Should You Tint Your Windows?

By Lori Straus

Window tinting has come a long way from being just another add on to improve your car’s looks. Because of the materials available today to tint your windows, you’ll realize more benefits that could change your mind and motivate you to pick up the phone to book an appointment. In this blog post, we’ll cover the basics of window tinting, the benefits, and current laws about window tinting in Ontario.

Benefits of Tinting Car Windows

Tinting the windows of your car helps in several ways.

For starters, dermatologists and ophthalmologists have noticed an increase in skin cancer and cataracts on the left side of adults in North America who drive a lot. Having windows tinted with a film that blocks out UVA rays can significantly reduce your chances of skin cancer if you drive frequently.

According to the Skin Cancer Foundation in the United States, both UVA and UVB rays can cause sunburns and tanning, which increase your risk for skin cancer. Window glass usually filters out most UVB rays, but UVA rays can still get through. Moreover, they can reflect off water or snow, so simply having shade over your head isn’t necessarily enough.

Secondly, depending on the film used to tint your windows, you reduce the risk of your glass shattering in a car accident. Although all glass out of the factory is now tempered to prevent massive shards from slicing through you in an accident, tinting can help keep the smaller shards from falling into the cabin.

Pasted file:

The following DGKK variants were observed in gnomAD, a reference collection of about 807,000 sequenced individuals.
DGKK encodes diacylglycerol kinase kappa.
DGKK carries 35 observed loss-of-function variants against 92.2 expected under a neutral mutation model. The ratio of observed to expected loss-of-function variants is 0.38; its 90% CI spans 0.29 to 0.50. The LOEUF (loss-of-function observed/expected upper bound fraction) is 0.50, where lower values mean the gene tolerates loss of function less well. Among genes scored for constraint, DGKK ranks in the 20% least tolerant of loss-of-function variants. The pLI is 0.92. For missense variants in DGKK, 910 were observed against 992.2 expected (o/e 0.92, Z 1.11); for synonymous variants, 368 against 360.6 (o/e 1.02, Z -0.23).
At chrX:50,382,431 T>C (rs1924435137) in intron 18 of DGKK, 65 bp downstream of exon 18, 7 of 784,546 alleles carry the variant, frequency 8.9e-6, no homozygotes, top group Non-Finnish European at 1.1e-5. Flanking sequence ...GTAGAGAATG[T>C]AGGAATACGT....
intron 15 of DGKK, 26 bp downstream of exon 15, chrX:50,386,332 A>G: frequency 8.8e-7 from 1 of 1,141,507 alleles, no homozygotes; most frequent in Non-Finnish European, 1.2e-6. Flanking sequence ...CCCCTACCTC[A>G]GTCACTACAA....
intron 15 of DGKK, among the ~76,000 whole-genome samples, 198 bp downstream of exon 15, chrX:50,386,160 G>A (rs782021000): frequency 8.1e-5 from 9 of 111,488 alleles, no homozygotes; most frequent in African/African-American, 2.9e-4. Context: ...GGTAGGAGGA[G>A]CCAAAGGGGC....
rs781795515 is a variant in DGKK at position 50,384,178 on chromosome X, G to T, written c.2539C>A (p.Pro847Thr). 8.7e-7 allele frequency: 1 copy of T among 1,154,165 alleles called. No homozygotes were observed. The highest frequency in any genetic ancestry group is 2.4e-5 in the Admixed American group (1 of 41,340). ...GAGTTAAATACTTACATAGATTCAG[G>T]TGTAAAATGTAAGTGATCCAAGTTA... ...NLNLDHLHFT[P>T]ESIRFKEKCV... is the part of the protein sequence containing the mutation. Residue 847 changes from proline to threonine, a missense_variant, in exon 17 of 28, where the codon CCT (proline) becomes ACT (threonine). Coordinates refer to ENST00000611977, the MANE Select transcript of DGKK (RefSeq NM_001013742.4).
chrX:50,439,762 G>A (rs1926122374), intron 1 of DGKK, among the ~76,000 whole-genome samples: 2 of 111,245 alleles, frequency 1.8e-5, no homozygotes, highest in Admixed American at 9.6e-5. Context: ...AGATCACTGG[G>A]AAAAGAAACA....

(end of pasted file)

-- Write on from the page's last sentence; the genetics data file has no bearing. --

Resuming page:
A third benefit of tinting your car windows is reducing the heat that reaches the cabin. This not only makes the cabin much more comfortable when you get inside after the car has sat in the sun for a few hours, it also helps prevent the materials in your cabin from cracking and fading.

Options for Tinting Your Car Windows

Tinting car windows in the factory is only available for new car orders. For used cars, you have several options for third-party film tints.

  • Carbon window tint is a matte finish that blocks out a good amount of infrared radiation (IR). IR is the main reason the inside of your vehicle is so hot after the vehicle has sat in the sun for a few hours in the summer.
  • Metallic window tinting leaves a reflective finish on your windows and blocks UVA radiation, the primary culprit that causes signs of aging in our skin.
  • Crystalline window tints provide both IR and UVA protection without darkening your windows.
  • Ceramic tints block nearly 50% of the heat produced by the sun, 99.9% of UVA rays, and they do not restrict visibility.
Window tinting

Ontario Laws About Window Tinting

Window tinting is graded based on how much light the tint allows through. Laws change from time to time, so always check the current law before tinting your windows. However, at time of writing, the windshield in Ontario may not be tinted at all, and the front driver and passenger windows may only be tinted to 30% opacity. In other words, 70% of light must transfer through the window. There is no limit to tinting for any of the rear windows.

No Longer Just About Looks

Tinting the windows of your car is no longer just about looks. You can even retain full visibility, depending on the tint you choose. If you’re concerned about skin health or better protecting your car’s interior to improve resale quality down the road, window tinting might just be the answer to both goals.